By Amanda Morrall
1) Secret indulgences
I was amused to read this confession about one man's love affair with machinery parts, the costs of which he concealed from his wife. It's usually women who get blamed for secret indulgences. I once heard tell of a gal who used to mask her shopping binges by getting cash out at the grocery store after the doing the big shop. Dear Hubby (DH) apparently never cottoned onto to this trick. Let's face it, addictions (of any kind) aren't gender biased.
My ex was/is a muso. If he'd banked all the money he's spent on CDs, gigs, music equipment over the years he'd be a rich man. But you know musicians, they like to suffer for their art. Journalists on the other hand, we'll do anything for a story. We make a living out of it.
2) Tweeting your own horn
Here's a confession that has nothing to do with closet consumerism; Until I joined my current job, I shunned the social media. Sure there was a certain amount of fear owing to the fact that I'm a ludite but also I didn't see the point of it. I made fun of office dinos earlier this week but in this respect I was the fossil. I'm all over the social media now. I'm hardly an expert, I don't own a "tweetdeck" or compulsively tweet until my head drops on the pillow like others I know but I get what a hash tag is (it's not to be cofused with confectionary) and know my limit of 140 characters.
Today's high-tech world is all about being connected and that's a good thing both socially and professionally, particularly if it leads to a job. Sit right down and read this tale of how a single tweet landed a Milleniall who got the boot a much better job.
3) Get over yourself
Being rich, in financial terms, is all relative but I think it's safe to say most of us can spot the difference between the average and really rich. So what distinguishes the two? Are the fabulously wealthy smarter, do they work harder, are they gifted at birth? I tend to believe it's a combination of factors that drives success if you measure it in terms of money in the bank.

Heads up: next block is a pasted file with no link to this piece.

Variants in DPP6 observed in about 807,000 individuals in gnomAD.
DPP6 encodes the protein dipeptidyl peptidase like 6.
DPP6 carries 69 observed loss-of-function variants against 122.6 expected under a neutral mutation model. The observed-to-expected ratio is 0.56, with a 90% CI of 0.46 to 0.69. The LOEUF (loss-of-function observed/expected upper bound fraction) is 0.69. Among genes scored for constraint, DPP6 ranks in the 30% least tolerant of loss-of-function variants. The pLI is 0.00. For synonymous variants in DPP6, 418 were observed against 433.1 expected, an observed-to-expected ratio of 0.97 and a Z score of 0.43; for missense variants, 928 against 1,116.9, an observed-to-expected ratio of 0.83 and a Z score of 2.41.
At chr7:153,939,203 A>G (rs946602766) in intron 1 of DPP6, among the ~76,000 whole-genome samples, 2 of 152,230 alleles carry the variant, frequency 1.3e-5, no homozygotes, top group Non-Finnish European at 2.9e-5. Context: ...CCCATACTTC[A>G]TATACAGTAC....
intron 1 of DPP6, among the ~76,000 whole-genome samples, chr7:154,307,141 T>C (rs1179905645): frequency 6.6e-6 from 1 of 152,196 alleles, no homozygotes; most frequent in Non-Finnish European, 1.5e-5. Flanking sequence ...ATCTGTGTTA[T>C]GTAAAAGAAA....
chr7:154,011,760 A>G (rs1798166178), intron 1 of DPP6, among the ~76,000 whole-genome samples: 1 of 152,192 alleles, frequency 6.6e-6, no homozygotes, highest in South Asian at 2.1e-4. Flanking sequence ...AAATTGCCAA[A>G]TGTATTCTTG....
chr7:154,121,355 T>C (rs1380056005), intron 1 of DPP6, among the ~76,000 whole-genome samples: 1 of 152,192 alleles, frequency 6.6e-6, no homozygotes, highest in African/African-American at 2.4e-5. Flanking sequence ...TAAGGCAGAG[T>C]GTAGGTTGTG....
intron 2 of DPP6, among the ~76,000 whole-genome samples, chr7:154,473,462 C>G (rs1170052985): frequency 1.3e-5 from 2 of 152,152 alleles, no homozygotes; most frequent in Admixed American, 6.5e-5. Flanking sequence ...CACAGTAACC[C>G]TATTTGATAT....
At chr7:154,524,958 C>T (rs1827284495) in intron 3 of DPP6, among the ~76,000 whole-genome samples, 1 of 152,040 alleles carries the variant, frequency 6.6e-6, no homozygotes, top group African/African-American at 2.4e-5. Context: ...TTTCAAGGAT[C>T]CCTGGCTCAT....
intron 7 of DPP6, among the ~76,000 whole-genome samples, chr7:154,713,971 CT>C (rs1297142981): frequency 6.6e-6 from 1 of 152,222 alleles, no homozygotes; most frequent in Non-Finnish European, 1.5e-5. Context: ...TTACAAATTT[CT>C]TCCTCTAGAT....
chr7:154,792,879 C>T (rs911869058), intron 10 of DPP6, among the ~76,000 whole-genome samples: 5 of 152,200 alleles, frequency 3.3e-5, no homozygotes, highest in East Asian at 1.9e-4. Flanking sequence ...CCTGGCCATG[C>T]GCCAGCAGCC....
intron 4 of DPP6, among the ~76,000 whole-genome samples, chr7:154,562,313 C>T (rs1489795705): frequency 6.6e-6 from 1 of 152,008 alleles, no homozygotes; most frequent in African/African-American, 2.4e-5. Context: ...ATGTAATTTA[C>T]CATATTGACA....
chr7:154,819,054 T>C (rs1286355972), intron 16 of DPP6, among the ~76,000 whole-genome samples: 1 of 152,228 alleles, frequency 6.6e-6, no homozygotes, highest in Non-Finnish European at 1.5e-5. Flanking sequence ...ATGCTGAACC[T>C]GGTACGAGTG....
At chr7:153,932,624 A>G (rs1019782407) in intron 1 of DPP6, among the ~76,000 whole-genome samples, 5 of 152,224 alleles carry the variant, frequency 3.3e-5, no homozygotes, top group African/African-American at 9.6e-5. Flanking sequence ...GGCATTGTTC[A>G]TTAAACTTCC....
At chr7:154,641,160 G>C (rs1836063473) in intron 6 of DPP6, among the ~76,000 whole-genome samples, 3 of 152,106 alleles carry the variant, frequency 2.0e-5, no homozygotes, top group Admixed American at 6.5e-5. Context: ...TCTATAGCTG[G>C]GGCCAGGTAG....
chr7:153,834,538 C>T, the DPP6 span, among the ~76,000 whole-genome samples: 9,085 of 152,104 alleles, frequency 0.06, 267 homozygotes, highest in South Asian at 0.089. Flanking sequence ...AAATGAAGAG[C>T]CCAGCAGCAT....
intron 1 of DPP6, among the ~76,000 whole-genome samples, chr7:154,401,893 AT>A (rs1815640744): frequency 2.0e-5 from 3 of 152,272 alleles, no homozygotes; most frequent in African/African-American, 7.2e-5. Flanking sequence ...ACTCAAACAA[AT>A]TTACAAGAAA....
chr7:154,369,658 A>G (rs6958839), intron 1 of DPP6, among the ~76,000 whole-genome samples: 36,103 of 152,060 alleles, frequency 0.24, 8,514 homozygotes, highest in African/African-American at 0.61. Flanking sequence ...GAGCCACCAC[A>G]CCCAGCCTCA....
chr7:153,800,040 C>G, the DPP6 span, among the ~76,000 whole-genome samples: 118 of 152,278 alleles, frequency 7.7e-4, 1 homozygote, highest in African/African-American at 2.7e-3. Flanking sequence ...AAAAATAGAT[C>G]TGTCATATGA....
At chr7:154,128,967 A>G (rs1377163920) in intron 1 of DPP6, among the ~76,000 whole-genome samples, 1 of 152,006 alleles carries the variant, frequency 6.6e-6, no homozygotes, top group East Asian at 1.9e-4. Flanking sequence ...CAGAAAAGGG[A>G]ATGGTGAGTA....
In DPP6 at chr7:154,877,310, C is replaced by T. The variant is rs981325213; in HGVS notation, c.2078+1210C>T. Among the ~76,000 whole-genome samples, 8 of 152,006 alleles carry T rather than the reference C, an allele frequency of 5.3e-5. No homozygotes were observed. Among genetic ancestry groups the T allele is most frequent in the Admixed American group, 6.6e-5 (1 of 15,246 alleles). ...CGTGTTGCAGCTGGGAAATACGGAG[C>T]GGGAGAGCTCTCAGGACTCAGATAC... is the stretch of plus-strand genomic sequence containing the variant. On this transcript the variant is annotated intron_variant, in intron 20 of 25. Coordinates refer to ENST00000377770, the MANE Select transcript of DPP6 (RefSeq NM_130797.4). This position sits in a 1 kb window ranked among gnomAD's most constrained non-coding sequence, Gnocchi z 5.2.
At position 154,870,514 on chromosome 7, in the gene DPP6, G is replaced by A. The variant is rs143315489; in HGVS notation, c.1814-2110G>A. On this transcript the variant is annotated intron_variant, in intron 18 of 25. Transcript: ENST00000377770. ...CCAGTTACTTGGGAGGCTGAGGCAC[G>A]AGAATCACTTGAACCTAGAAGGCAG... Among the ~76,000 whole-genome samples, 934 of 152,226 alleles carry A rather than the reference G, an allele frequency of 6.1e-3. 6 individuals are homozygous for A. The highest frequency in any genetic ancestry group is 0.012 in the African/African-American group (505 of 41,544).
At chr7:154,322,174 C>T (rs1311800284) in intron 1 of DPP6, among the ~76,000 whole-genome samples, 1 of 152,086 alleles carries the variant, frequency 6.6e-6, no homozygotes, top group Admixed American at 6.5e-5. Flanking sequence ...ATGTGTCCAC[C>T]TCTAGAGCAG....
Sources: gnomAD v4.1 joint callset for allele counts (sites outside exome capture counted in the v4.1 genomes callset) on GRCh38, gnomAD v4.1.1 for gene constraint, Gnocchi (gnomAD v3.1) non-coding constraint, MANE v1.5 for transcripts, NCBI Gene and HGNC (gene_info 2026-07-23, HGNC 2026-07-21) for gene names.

This blog by bucksomeboomer.com suggests one of the secret's to being super rich is getting over yourself; or at least getting out of the way and letting someone else do your job to free up valuable time to grow a business creatively, instead of being consumed by it.
4) Opportunity cost
So long as you remain saddled with debt, every dollar spent on non essentials ought to be measured in terms of the opportunity cost lost. That is you need to ask yourself how and where that money might have a more constructive purpose i.e. paying off credit cards.
5) Offsetting holiday spending
Here's the ultimate tip to avoiding a Christmas blow-out. Just say no. Luckily I've been able to curtail the usual madness by living a million miles away from family. We'll make up for it next year hopefully when we meet half way in Hawaii.
For others who happen to be less Scroogish, the Huffington Post in this article, lists a number of handy money saving strategies to help offset the expense. The insurance recommendation (about paying a higher deductible) is one worth looking into. When you're on the phone to your insurer, ask about any price differential for extending the stand-down period.
A musical parting note below. Beg, Borrow and Steal, by Smokey Brights. Thanks to twitterer @ryanintheus for a steer to back Seattle, the best indie music scene.